Then we discovered the colour “griege” – as you might expect it is the perfect blend of grey and beige!! The moment I spotted the tiles (that are now in place on our floor) in the shop (that I had been to many times before and somehow missed) I fell in love!! I could instantly see them in our house!! Months and months of time spent in pondering loads of different options with Travertine – to decide in 30 seconds that ceramic tiles were the way to go after all.

Tile order
Every corner of our house has a pile like this

Unfortunately, as is nearly always the way in France – the tiles needed to be ordered in – and although the guy in the shop said 2 weeks – it was in actual fact nearly 2 months before they finally came in. They are Italian – and the Italian’s are even slower at delivering than the French it seems (if that is indeed possible).

I know that two years ago I would have been furious if I had ordered 2.5€K worth of tiles and been told I would have to wait for 2 months to get them. But, such have we already adapted to our new normal in France we accepted the delay with a shrug, and a laugh – it’s just the way it is. “C’est la vie”.

Tiling
We have a long way to go before they are finished but we love them and the wait was worth it

Life in France – and Covid-19 – have taught us the art of patience like nothing else ever before. And flexibility, with a large helping of resilience too!

And we keep focusing on what we have done – rather than what we haven’t. For instance we now have hot water in our bedroom – only a temporary sink which was bought from a Facebook forum – but it will do for now and when we have finished our “proper bathrooms” we will install it in the Garden House which will in time become a little eco-studio to let out on AirBnB and HomeAway and also my Treatment Room.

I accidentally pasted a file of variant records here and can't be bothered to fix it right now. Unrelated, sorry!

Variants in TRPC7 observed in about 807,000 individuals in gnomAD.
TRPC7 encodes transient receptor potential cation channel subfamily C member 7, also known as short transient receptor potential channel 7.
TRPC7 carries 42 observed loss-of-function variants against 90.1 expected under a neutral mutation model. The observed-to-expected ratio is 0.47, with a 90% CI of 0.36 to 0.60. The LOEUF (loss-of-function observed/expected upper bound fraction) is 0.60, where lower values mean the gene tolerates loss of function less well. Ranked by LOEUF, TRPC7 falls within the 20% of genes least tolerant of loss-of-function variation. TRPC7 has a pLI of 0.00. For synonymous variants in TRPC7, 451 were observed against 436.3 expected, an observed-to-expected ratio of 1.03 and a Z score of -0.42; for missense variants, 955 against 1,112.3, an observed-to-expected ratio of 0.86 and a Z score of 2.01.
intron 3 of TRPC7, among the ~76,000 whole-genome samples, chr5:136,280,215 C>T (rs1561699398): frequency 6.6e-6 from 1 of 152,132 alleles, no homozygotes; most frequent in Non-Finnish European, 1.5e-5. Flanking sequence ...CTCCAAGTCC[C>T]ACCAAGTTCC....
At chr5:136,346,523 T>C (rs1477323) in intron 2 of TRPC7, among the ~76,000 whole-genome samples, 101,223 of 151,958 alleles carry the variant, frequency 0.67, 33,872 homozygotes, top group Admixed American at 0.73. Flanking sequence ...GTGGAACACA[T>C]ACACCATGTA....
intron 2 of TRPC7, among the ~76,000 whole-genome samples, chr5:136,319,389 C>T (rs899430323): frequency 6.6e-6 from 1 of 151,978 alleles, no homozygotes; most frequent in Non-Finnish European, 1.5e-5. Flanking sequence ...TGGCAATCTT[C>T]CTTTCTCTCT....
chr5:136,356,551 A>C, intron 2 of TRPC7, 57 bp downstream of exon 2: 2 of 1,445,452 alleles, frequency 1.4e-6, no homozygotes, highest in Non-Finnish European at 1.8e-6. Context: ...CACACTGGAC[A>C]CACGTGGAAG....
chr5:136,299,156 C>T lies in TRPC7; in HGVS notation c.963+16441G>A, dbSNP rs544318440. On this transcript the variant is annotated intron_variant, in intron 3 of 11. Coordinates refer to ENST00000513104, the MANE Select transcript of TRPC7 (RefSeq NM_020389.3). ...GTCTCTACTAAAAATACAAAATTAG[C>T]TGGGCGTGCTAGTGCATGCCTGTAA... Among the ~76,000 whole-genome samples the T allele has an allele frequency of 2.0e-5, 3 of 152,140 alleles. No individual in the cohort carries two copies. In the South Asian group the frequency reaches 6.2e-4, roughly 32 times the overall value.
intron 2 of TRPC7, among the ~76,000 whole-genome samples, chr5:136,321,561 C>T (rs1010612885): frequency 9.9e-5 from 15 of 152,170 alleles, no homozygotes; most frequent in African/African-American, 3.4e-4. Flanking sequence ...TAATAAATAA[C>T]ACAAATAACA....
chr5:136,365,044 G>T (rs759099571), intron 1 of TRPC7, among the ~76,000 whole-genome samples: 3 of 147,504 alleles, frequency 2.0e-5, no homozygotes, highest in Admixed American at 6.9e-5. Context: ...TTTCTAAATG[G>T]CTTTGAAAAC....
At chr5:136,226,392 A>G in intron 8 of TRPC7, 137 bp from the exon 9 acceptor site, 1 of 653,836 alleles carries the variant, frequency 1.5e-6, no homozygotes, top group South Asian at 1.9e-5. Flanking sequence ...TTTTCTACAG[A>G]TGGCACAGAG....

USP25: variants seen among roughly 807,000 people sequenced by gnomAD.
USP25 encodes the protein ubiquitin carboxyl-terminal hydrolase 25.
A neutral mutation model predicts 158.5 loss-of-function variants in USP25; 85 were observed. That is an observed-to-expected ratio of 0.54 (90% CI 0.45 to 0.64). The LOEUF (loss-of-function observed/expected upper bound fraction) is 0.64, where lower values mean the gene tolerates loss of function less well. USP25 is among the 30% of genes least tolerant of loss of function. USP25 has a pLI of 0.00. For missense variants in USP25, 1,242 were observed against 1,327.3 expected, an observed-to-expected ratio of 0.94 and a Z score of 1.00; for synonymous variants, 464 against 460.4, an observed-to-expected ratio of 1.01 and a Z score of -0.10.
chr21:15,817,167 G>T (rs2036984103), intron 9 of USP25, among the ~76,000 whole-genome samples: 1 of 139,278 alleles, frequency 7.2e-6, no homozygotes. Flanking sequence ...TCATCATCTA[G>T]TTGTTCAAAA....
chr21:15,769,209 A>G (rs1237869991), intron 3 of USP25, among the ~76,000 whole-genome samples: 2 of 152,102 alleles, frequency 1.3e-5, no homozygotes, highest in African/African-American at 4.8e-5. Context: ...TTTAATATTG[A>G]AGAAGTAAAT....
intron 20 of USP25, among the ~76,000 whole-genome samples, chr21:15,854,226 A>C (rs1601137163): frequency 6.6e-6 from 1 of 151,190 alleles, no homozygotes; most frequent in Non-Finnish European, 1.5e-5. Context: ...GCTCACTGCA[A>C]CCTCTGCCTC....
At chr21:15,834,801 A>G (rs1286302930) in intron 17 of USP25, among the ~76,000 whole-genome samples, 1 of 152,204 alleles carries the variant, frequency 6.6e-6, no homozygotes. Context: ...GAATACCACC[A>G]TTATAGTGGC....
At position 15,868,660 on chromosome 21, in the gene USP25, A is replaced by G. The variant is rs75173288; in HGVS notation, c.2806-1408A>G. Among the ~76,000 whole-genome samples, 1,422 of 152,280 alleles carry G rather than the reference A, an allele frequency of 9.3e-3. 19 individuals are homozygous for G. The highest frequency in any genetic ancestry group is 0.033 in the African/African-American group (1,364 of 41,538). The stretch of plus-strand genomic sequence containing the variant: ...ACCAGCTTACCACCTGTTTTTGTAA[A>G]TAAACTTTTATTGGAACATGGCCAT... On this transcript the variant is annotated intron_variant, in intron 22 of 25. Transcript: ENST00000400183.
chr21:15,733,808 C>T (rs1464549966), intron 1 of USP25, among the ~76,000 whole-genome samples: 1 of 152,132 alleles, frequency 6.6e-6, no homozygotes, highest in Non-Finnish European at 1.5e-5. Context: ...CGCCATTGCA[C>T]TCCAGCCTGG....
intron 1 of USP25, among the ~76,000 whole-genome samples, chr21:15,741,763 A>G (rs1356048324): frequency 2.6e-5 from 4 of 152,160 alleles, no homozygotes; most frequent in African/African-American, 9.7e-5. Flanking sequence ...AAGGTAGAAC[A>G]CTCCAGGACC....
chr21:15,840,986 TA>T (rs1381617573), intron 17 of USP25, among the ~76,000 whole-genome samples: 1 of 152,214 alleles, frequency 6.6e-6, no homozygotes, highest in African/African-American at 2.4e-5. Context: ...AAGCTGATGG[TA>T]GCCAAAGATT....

Hot water in our bedroom
I actually really like this “petite” wash stand – but it’s the wrong colour for both of our bathrooms. 

Another thing that has really helped us both is our Yoga practice and also Reiki. During the lock down period I completed my Reiki Masters Teacher Training and became a Reiki Master – and Martin was my first Reiki Level One student. So now we both have that tool in our boxes to help guide our lives. It really does help us to focus on the here and now, to be in the present moment, and to live our lives kindly and compassionately.

Mandala Beads
Just like my own Reiki Master gave me a Mandala Bead String when I done my Reiki Level One – I got Martin to make his own one which will help him learn the chakras and Reiki precepts. 

So yes, we will have to wait until the time is right (and safe) to return to the UK to visit our family (and collect the items in storage at various family members houses), and in the meantime we just need to adapt to that and embrace the positives about that situation. And of course, we will look forward to getting our treasured possessions – like our wedding present cut glass wine glasses – and I’m sure my mum will be glad to get her cupboard space back.

We are blessed to live in such a time that technology allows us to see each other face to face in the present moment – stuff like Skype and Facebook messenger allow us to celebrate birthdays, have family get-togethers, and even go on “virtual mum and daughter shopping trips “ as I found out the other day.